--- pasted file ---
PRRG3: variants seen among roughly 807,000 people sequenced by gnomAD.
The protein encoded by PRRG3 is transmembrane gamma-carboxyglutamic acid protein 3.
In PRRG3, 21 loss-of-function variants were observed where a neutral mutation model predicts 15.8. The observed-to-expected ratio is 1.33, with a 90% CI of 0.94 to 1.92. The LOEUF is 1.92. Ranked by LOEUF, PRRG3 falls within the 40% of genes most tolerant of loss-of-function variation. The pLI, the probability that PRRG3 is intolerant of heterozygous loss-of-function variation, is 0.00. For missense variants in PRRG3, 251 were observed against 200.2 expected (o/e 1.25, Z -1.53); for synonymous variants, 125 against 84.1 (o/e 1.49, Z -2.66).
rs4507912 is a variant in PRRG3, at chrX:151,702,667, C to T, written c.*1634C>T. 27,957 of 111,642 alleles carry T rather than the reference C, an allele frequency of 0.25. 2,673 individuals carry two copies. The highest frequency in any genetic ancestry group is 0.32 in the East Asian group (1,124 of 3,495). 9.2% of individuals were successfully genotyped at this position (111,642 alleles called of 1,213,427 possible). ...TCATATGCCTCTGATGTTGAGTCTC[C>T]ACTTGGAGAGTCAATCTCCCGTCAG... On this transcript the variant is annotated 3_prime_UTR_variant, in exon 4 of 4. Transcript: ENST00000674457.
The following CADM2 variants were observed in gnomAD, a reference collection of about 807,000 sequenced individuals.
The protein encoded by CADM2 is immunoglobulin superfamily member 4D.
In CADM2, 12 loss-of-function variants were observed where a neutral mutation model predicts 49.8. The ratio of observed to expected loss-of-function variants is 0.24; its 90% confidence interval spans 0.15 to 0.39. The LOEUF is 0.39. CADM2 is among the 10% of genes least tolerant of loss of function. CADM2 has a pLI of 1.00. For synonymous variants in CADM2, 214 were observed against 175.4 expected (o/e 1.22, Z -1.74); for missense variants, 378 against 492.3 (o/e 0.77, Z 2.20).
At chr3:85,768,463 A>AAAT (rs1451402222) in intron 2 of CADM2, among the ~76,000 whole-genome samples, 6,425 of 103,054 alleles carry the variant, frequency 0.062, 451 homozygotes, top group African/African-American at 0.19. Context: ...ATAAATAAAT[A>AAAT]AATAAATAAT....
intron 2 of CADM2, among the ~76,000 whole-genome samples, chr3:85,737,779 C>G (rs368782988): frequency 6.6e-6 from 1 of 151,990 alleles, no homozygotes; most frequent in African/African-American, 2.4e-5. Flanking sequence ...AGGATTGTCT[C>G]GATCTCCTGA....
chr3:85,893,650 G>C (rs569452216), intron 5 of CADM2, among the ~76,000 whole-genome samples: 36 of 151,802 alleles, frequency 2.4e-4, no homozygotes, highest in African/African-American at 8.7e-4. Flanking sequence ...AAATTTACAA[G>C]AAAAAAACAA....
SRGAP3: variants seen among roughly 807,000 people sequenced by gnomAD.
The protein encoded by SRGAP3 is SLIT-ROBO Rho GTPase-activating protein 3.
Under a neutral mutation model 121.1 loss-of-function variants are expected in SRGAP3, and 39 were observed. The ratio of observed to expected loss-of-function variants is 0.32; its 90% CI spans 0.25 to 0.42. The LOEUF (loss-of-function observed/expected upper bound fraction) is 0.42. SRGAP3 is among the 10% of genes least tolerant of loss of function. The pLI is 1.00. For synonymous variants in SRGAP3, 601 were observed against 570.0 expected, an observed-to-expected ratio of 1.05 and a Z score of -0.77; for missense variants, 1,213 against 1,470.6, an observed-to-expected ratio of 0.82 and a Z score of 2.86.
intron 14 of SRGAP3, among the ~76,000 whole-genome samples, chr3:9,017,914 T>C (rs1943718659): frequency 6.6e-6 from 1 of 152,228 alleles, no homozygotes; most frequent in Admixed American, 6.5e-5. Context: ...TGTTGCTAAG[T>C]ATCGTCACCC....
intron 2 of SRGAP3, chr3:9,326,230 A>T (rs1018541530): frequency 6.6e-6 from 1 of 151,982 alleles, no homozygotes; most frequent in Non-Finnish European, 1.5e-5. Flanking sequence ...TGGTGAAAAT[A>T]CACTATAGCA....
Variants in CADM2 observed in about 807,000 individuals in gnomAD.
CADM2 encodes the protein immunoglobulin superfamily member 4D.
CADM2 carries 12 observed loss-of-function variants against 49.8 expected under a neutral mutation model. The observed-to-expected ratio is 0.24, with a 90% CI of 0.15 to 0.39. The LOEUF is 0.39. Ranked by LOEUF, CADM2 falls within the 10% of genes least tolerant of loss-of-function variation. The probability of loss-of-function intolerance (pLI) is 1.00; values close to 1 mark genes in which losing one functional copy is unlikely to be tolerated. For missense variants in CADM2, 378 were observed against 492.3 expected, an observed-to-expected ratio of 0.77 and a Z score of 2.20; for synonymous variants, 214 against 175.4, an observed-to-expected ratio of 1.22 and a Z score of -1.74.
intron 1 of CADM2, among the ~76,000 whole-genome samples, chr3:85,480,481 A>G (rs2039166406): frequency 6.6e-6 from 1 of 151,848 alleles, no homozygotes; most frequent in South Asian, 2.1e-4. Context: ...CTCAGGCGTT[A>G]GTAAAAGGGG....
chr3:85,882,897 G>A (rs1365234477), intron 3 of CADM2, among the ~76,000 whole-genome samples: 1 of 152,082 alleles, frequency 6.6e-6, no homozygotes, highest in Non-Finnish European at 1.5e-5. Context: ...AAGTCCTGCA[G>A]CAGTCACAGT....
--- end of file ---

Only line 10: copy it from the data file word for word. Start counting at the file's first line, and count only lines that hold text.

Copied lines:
chr3:85,893,650 G>C (rs569452216), intron 5 of CADM2, among the ~76,000 whole-genome samples: 36 of 151,802 alleles, frequency 2.4e-4, no homozygotes, highest in African/African-American at 8.7e-4. Flanking sequence ...AAATTTACAA[G>C]AAAAAAACAA....